Tuesday, May 26, 2009

Project Highlight: Studying Human Activities and the Environment

The College of Architecture and Urban Planning at the University of Washington used the MyExperience tool to study the relationship between the built environment and human activities. They conducted a study using MyExperience, GPS, and a wearable sensing platform (the Intel MSP) to record the activities and locations of 53 subjects over one week. In particular, they explored:
  • what associations exist between different types of activities and different kinds of urban environments;
  • what characterizes the land use patterns where people spend long periods of time;
  • and do the properties of origins and destinations differ between short and long trips or trips made by different modes of transportation
In all, they gathered approximately 2,900 hours of data and ~2,900 surveys via the Experience Sampling Method (ESM) using MyExperience to provide self-report data about activities. MyExperience would prompt participants for a survey approximately every hour. These surveys asked questions about activity type, duration, purpose, and location.

GPS trace showing the path a person followed over several days annotated with self-report data from MyExperience. Stationary GPS points are shown in red, moving points are shown in green.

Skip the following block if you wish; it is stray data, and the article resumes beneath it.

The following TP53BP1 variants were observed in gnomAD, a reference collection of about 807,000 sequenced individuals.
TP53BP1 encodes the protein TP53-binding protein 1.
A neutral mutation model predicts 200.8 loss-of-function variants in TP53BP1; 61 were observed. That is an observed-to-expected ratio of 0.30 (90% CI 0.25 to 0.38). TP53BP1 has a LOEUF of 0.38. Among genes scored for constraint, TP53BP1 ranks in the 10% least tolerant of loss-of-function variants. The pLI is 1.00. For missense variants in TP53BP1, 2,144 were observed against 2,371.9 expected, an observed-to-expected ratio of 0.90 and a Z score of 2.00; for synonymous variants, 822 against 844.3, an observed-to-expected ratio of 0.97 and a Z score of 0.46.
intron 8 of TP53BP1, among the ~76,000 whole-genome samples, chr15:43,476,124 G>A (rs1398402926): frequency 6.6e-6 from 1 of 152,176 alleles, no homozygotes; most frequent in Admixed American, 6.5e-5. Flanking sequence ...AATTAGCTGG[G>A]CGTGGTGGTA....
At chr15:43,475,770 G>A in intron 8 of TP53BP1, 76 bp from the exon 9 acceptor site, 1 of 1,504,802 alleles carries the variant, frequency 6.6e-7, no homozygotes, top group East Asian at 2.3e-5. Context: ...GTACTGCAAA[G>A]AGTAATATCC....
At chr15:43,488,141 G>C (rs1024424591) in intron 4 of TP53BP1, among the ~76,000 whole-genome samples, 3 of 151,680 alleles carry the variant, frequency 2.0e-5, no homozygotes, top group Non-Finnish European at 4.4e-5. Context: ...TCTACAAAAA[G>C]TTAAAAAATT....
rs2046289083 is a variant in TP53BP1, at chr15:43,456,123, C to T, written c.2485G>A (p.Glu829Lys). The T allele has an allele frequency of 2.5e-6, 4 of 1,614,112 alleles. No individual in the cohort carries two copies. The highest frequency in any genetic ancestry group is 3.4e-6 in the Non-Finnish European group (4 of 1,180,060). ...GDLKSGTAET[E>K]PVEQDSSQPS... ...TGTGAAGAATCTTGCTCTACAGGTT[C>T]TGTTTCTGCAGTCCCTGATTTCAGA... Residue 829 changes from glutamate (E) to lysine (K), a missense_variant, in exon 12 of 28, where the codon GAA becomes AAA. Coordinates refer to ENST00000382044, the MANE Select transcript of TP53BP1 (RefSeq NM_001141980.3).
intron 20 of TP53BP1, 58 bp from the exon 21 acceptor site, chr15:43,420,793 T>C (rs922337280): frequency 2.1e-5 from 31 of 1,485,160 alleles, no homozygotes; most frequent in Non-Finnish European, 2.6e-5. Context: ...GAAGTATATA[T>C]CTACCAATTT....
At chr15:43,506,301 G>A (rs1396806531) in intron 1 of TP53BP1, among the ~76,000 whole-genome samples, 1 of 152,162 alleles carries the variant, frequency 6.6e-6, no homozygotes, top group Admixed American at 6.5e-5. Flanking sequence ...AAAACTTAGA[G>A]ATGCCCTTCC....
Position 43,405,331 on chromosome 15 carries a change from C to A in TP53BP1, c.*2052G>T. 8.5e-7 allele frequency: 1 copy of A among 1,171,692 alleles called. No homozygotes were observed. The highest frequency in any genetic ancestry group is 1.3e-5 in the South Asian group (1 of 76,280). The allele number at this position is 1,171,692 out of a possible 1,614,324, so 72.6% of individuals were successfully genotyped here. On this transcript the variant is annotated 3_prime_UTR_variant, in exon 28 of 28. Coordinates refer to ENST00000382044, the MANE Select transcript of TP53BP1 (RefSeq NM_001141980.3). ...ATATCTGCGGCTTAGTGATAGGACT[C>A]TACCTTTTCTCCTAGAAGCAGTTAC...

For more information on this research, see MobileSense - Sensing Modes of Transportation in Studies of the Built Environment by Jonathan Lester et al.

Tuesday, May 19, 2009

Project Highlight: Mobile Heart Health

Dr. Margaret Morris and Farzin Guilak at the Digital Health Group at Intel used the MyExperience tool to explore heart health, the physiological indicators of stress, and "active" mobile therapy (e.g., using the mobile phone to intervene during inferred times of patient stress).

From the article, "Mobile therapy—just-in-time coaching that is triggered by physiological indicators of stress—is the objective of Mobile Heart Health, an exploratory research project at Intel. The project aims to help people tune in to early signs of stress and modulate reactivity that could potentially damage their relationships and long-term health."

MyExperience Sensors
Morris used a variety of contextual MyExperience sensors to automatically assess stress level including location sensing, synchronization with calendaring applications, and a wearable ECG monitor (to track heart rate variability). The mobile therapy feedback "appear on the cell phone in response to cardiovascular signals (see Figure 1) or when the system detects contextual shifts associated with stress."

MyExperience User Interface

Morris also developed a variety of touchscreen feedback interfaces that allowed individuals to report their emotional states throughout the day. "The main mood scale was the 'Mood Map,', based on the circumplex model of emotion invites users to quickly indicate mood states according to valence and arousal (see Figure 3). These subjective reporting techniques were desirable as checks on sensors, and in their own right as brief windows for self-awareness.